Finally, the long-anticipated prosecution of the bank chieftains believed to have engaged in deliberate, malfeasant financial acts that culminated in the revocation of commercial bank licenses for reason of insolvency and false financial reporting has begun. First up are those allegedly involved in the collapse of Capital Bank and expectedly, their counterparts in the other failed banks will follow.
Currently there are 52 cases ready for prosecution of which 50 have already been assigned to specific courts/judges. Another 60 cases have been referred to a special investigative team.
While this portends hope for the ongoing efforts to recover monies siphoned away by bank bosses and their recalcitrant borrowing customers, many of whom are active collaborators in the malfeasance of the former, there is still a long way to go. At the last count only GHc849 million had be recovered by the various receivers of the collapsed banks out of GHc10.1 billion handed over to them for recovery.
The wider the gap between the recovery target and actual recoveries the higher the cost to the Ghanaian tax payer; and this is just the cost of the banking sector clean up. Add on the cost of the similar clean ups in the microfinance and the savings and loans industries and the cost to the state – translate as the taxpayer – is closer to GHc20 billion than GHc10 billion.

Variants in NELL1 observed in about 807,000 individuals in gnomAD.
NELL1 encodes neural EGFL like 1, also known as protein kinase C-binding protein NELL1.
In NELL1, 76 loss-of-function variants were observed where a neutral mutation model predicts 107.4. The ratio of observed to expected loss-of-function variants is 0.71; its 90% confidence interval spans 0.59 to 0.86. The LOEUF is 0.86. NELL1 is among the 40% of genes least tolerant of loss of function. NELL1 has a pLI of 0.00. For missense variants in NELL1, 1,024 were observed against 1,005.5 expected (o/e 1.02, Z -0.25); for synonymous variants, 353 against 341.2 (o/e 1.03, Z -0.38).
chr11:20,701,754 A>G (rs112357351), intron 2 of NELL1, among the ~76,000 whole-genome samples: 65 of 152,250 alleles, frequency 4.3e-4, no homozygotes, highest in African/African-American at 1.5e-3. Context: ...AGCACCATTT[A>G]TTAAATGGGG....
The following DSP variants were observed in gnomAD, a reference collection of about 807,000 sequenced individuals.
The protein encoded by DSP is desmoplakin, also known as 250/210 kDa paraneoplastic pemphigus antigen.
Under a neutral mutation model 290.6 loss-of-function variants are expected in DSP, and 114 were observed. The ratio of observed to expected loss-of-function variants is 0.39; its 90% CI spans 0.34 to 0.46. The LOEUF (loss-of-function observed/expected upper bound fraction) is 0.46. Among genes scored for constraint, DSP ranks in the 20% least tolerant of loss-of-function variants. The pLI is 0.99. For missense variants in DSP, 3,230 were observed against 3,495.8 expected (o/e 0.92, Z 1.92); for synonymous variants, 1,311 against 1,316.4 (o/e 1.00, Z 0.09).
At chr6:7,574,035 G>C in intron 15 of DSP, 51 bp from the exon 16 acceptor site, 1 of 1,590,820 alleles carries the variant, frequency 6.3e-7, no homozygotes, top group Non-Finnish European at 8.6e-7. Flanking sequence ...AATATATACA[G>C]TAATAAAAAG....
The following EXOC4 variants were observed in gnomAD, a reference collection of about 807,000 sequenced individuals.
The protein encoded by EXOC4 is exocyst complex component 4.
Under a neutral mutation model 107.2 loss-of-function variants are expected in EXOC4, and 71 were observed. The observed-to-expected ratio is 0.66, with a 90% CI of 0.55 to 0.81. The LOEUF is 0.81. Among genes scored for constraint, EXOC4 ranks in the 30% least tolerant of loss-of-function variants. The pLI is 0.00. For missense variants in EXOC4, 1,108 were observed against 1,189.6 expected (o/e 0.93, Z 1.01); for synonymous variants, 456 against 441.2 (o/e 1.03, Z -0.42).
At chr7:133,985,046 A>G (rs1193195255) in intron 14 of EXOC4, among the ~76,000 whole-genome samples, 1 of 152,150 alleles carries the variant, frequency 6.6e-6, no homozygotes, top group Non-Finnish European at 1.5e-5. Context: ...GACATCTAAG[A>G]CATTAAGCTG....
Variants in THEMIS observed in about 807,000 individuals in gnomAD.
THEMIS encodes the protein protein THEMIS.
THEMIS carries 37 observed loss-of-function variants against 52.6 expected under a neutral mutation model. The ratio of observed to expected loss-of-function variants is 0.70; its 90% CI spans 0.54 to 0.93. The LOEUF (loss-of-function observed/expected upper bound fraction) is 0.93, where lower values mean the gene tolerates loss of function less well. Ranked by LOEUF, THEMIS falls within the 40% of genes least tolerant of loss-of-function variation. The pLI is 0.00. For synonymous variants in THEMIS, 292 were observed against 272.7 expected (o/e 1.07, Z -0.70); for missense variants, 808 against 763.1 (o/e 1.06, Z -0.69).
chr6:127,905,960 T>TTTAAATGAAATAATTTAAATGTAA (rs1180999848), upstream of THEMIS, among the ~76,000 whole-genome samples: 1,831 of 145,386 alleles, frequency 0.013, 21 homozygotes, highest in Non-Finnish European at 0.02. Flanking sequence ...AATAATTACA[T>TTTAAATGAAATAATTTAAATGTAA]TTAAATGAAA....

This huge cost has been largely masked by the fact that it is being financed by public debt so there are no immediate foregone public expenditures, on development projects in particular, to measure it against. But the recent sharp rise in the public debt is telling – government admits that the faster pace of public debt growth over the past one and a half years compared to the previous 18 months or so is largely due to the cost of the financial sector clean up.
Indeed, it would be even more vividly illustrated if government had included this cost in its fiscal deficits for 2018 and 2019; it has not done so on the premise that these costs are one-off expenditures, even as the bill keeps rising.
Therefore, even as we applaud both the BoG and government itself for the clean-up, we appeal to both institutions to pull out all the stops in their effort to recover as much of the diverted financial intermediation industry assets as possible. This includes the diverted assets of collapsed institutions in the micro-finance and savings and loans industries as well as the banking sector. Between the two non-bank genres of financial intermediaries affected there have been some 400 institutions closed down, and even though the amounts involved are much smaller than with the banks, the principle of equity should mean that the culprits identified get the same treatment from prosecutors as their banking industry counterparts.
To this end, we support suggestions that special courts be established. As long as the rule of law is maintained such special courts would not inhibit due judicial process; but it would speed it up, creating room for all the cases arising to be dispatched with.
In turn that would greatly enhance the asset recovery process and so reduce the cost of the financial sector clean up to tax payers. Which is what they deserve as much as the culprits deserve justice handed down to them.